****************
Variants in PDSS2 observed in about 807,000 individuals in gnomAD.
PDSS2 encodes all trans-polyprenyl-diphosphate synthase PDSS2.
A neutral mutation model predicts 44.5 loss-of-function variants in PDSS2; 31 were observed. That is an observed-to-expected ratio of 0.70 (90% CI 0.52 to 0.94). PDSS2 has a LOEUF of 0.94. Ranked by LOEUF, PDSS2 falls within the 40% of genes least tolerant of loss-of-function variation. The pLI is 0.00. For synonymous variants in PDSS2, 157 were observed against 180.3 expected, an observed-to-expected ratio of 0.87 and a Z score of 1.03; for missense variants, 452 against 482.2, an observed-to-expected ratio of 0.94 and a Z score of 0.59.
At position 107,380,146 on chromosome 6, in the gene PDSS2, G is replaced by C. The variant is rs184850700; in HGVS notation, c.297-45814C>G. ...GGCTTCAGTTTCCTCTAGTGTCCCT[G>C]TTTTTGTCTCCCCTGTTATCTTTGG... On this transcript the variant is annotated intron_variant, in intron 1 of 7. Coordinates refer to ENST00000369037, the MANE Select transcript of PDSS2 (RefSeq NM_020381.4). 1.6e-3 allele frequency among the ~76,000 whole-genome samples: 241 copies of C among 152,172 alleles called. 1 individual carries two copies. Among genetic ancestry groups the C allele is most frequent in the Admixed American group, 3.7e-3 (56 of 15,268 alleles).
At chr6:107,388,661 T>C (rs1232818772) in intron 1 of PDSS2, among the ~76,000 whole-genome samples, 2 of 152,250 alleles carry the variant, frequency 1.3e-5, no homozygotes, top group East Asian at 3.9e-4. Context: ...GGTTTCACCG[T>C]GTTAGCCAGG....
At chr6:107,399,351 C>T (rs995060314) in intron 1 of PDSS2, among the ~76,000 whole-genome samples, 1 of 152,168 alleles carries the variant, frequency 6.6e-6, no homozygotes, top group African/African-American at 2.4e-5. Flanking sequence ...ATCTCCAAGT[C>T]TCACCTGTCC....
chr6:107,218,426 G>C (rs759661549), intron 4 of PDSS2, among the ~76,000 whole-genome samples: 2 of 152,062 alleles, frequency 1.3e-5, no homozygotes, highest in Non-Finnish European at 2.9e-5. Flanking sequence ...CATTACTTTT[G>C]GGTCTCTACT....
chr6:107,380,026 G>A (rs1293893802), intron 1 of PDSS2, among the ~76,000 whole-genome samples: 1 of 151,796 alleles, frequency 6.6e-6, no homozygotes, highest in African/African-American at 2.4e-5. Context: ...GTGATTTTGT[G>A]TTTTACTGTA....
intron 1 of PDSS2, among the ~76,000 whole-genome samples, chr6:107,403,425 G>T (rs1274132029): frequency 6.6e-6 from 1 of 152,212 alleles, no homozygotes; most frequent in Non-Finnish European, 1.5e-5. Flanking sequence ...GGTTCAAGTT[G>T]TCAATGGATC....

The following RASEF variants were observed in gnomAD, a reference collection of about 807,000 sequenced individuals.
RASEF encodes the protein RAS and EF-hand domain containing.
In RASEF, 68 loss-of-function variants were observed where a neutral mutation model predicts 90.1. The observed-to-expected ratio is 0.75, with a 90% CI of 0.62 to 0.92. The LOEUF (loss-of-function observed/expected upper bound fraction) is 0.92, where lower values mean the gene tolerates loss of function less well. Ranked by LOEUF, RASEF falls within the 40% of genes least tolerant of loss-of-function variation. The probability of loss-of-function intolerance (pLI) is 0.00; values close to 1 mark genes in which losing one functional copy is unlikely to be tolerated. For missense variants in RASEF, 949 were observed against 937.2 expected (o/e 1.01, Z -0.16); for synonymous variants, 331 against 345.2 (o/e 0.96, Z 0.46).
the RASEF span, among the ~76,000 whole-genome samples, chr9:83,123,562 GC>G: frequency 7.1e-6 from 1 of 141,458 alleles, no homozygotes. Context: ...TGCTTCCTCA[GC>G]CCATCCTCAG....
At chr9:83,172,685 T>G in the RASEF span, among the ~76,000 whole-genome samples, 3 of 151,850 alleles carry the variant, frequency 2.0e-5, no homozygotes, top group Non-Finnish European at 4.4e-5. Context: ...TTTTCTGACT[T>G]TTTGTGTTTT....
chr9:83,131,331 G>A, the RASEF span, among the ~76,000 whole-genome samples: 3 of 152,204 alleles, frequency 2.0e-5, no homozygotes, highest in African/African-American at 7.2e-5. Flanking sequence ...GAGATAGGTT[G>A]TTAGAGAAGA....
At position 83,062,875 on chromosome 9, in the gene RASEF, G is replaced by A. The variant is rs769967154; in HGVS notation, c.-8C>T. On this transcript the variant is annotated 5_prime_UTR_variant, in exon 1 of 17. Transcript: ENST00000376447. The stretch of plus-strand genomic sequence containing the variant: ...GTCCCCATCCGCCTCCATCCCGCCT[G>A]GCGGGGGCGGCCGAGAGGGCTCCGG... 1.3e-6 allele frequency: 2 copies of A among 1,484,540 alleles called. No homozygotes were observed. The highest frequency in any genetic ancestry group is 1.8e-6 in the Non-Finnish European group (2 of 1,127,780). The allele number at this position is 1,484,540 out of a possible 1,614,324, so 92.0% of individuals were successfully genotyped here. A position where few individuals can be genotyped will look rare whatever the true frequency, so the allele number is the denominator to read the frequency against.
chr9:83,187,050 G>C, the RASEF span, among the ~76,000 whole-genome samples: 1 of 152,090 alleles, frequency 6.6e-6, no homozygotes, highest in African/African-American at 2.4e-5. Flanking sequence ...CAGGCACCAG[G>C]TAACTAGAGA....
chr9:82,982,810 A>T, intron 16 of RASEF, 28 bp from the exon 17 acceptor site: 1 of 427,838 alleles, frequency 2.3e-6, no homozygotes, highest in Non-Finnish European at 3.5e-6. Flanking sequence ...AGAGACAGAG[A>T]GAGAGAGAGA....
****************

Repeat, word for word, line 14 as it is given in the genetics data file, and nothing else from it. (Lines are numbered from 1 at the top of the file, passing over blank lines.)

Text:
At chr9:83,172,685 T>G in the RASEF span, among the ~76,000 whole-genome samples, 3 of 151,850 alleles carry the variant, frequency 2.0e-5, no homozygotes, top group Non-Finnish European at 4.4e-5. Context: ...TTTTCTGACT[T>G]TTTGTGTTTT....